Australian beef farmers are not looking to compete with British producers, according to a representative from the country’s red meat exports body.
Mary Johnson, market access manager at Meat and Livestock Australia – the Australian equivalent of Quality Meat Scotland – made the comments while giving evidence to the House of Lords International Agreements Committee.
The committee was taking evidence on the potential impact of a UK-Australia trade deal on the UK farming sector.
Ms Johnson said Australian trade negotiators were looking for a zero-tariff, zero-quota trade deal with the UK.
She said imports of Australian red meat to the UK were currently very low – they represented 0.5% of all beef imports and 14% of all sheepmeat imports in 2020.
“If British customers need high quality red meat products then we as Australian producers certainly would be happy to supply that demand,” Ms Johnson told the committee.
“We are not looking to compete against British producers but we just know that there’s a requirement in the market for imports and we want to be able to compete in that environment.”
Threat to UK farmers
The potential threat to UK farmers of a tariff-free, quota-free trade deal with Australia was highlighted by NFU director of trade and business strategy Nick von Westenholz.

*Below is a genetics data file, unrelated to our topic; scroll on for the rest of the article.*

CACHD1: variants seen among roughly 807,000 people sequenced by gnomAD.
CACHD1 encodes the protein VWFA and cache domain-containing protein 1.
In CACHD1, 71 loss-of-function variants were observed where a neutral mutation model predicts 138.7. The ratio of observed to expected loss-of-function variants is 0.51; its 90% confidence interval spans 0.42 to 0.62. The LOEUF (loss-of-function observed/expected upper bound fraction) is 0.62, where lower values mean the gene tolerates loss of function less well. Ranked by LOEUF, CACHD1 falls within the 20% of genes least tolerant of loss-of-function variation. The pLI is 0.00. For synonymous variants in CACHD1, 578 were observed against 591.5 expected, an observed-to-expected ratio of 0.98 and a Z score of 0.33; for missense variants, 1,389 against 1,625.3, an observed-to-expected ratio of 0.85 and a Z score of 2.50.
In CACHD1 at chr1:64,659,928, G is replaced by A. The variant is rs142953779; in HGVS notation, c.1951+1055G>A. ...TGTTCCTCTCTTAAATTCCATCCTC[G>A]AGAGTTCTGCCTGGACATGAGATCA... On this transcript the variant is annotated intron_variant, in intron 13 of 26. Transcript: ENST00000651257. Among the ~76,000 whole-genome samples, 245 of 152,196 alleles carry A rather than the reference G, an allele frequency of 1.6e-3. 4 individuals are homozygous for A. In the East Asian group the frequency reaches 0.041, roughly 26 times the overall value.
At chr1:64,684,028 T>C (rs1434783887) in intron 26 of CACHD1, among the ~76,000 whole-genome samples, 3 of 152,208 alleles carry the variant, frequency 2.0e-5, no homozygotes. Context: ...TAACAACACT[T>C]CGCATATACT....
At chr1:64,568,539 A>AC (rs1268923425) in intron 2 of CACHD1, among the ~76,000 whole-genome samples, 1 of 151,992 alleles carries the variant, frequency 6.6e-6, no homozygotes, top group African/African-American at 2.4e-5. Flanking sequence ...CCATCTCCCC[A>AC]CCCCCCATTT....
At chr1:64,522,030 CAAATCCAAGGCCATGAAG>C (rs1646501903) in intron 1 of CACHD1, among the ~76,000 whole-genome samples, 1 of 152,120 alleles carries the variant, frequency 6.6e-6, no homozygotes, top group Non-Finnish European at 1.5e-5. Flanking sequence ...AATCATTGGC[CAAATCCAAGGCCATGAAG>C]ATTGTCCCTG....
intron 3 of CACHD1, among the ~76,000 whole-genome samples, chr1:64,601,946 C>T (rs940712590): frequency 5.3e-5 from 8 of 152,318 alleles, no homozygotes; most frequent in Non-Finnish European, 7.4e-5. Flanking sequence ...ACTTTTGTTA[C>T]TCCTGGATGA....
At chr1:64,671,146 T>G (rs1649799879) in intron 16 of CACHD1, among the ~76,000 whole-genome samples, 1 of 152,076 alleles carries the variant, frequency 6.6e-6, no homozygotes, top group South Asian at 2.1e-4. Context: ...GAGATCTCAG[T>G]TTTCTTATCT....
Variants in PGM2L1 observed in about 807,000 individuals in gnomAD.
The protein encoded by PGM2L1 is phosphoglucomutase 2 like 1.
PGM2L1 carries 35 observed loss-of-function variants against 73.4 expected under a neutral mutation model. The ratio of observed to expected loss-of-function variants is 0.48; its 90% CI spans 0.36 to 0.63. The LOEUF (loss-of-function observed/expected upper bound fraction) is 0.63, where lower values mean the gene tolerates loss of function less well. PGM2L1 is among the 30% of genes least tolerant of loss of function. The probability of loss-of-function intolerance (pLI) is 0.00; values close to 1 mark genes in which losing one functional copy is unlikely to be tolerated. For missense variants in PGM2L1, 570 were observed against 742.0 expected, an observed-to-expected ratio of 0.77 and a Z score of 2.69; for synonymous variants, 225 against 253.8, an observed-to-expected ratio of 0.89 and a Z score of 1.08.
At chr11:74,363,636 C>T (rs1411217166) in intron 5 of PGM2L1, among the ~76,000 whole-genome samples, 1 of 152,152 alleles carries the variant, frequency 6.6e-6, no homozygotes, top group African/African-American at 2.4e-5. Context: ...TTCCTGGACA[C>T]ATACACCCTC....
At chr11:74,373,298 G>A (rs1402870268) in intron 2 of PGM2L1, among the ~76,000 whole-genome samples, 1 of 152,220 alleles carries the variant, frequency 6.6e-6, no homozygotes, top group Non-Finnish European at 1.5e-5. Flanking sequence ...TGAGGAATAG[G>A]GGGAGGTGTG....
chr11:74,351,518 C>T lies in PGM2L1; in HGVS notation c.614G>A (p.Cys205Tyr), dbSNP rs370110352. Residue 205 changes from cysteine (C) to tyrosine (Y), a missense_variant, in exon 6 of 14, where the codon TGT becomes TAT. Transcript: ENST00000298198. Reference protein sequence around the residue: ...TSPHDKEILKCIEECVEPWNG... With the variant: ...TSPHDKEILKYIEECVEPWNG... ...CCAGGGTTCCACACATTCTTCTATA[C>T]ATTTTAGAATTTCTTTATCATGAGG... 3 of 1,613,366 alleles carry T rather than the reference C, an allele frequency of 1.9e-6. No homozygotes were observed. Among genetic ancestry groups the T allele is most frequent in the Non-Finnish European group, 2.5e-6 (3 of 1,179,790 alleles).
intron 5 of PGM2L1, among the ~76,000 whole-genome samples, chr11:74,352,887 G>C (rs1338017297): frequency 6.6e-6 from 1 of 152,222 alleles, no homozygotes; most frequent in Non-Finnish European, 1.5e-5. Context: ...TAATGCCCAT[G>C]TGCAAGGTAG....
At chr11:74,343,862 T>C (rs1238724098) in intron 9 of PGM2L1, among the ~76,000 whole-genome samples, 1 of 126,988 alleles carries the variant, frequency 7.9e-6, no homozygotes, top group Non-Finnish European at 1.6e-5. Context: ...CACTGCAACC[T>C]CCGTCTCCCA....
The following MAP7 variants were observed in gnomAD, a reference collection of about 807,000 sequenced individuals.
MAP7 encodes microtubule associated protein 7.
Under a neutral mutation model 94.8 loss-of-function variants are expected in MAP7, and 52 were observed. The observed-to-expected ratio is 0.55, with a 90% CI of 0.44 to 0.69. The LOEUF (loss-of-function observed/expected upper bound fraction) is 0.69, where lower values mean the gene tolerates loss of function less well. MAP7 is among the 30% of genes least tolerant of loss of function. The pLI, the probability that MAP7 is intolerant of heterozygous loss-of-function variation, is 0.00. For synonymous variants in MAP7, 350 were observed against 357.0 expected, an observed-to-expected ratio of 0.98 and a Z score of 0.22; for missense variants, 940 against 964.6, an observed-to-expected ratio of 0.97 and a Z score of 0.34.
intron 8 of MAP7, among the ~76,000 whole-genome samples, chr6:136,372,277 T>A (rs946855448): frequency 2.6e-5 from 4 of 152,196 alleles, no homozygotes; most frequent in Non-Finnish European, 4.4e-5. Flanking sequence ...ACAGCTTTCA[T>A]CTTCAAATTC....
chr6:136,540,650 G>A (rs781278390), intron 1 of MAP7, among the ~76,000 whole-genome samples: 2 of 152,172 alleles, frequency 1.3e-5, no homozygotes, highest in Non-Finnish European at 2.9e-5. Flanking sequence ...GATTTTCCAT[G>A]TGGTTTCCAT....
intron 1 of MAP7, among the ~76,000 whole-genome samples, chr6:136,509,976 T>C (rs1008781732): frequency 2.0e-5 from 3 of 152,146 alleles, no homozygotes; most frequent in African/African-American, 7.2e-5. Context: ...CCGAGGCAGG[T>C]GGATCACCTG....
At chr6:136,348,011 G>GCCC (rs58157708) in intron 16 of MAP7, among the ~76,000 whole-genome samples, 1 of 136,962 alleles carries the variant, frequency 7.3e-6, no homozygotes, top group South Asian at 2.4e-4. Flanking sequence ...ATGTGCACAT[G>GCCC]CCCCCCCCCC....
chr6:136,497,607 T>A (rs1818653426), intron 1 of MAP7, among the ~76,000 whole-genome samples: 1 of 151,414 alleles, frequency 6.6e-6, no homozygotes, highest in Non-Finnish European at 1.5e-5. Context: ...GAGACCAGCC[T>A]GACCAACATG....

He said any move to completely open up the market to imports of Australian red meat needed to be phased in and include safeguards to protect UK farmers.
Mr von Westenholz said the introduction of large quantities of Australian beef to the UK market would put downward pressure on the prices paid to UK farmers for their produce.
He added: “In many of these areas, they [Australian farmers] have significantly lower costs of production. And more actors in the UK market might put more pressure on prices.
“The NFU’s position on this is we support the government’s agenda on doing free trade agreements, What we want to do is ensure that there are safeguards to ensure that if the FTAs start damaging the sector, the government has something in its pocket to address that.”
Meanwhile, the RSPCA’s head of public affairs, David Bowles, told the committee he was concerned about the difference in welfare standards in countries the UK Government was negotiating trade deals with – including Australia.
He said: “I think the committee should ask the government how it intends the process to be to see if the FTA is undermining our animal welfare standards.”
Mr Bowles cited animal transport times as a stark difference in standards in the UK – he said the UK Government was consulting on a ban on live animal exports and a limit on transport times for livestock, while Australian livestock can be transported for up to 48 hours in some instances.
Ms Johnson defended Australian welfare standards and said: “We are confident that we meet the same [welfare] outcome as in the UK, but our approach might be different.”
The potential impacts of a UK-Australia trade deal on the British farming sector have been highlighted by farming bodies and politicians in the past few weeks.